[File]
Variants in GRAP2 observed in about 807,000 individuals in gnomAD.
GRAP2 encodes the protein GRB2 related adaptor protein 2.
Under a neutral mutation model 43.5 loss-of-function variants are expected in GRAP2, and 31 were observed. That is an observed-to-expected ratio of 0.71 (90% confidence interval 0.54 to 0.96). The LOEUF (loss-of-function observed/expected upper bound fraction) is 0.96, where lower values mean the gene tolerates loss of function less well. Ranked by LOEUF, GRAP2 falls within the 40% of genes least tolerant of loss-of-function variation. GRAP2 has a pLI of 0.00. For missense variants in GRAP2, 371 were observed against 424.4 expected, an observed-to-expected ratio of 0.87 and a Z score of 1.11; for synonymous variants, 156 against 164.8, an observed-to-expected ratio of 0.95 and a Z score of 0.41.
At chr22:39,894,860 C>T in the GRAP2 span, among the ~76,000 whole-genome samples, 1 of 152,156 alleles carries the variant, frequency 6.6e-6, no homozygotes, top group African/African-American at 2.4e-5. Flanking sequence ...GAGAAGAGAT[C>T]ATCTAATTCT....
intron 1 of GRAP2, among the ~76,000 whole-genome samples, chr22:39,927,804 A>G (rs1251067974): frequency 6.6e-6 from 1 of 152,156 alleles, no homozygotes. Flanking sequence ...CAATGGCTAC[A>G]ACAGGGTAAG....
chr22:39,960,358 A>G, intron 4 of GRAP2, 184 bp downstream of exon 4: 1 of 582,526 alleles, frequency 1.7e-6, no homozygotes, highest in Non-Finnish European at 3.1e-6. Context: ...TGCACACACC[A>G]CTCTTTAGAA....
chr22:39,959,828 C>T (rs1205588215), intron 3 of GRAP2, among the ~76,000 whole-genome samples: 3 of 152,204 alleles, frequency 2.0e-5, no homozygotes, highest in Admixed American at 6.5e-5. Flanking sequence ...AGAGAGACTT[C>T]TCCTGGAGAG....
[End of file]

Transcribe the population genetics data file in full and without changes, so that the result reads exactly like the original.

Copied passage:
Variants in GRAP2 observed in about 807,000 individuals in gnomAD.
GRAP2 encodes the protein GRB2 related adaptor protein 2.
Under a neutral mutation model 43.5 loss-of-function variants are expected in GRAP2, and 31 were observed. That is an observed-to-expected ratio of 0.71 (90% confidence interval 0.54 to 0.96). The LOEUF (loss-of-function observed/expected upper bound fraction) is 0.96, where lower values mean the gene tolerates loss of function less well. Ranked by LOEUF, GRAP2 falls within the 40% of genes least tolerant of loss-of-function variation. GRAP2 has a pLI of 0.00. For missense variants in GRAP2, 371 were observed against 424.4 expected, an observed-to-expected ratio of 0.87 and a Z score of 1.11; for synonymous variants, 156 against 164.8, an observed-to-expected ratio of 0.95 and a Z score of 0.41.
At chr22:39,894,860 C>T in the GRAP2 span, among the ~76,000 whole-genome samples, 1 of 152,156 alleles carries the variant, frequency 6.6e-6, no homozygotes, top group African/African-American at 2.4e-5. Flanking sequence ...GAGAAGAGAT[C>T]ATCTAATTCT....
intron 1 of GRAP2, among the ~76,000 whole-genome samples, chr22:39,927,804 A>G (rs1251067974): frequency 6.6e-6 from 1 of 152,156 alleles, no homozygotes. Flanking sequence ...CAATGGCTAC[A>G]ACAGGGTAAG....
chr22:39,960,358 A>G, intron 4 of GRAP2, 184 bp downstream of exon 4: 1 of 582,526 alleles, frequency 1.7e-6, no homozygotes, highest in Non-Finnish European at 3.1e-6. Context: ...TGCACACACC[A>G]CTCTTTAGAA....
chr22:39,959,828 C>T (rs1205588215), intron 3 of GRAP2, among the ~76,000 whole-genome samples: 3 of 152,204 alleles, frequency 2.0e-5, no homozygotes, highest in Admixed American at 6.5e-5. Flanking sequence ...AGAGAGACTT[C>T]TCCTGGAGAG....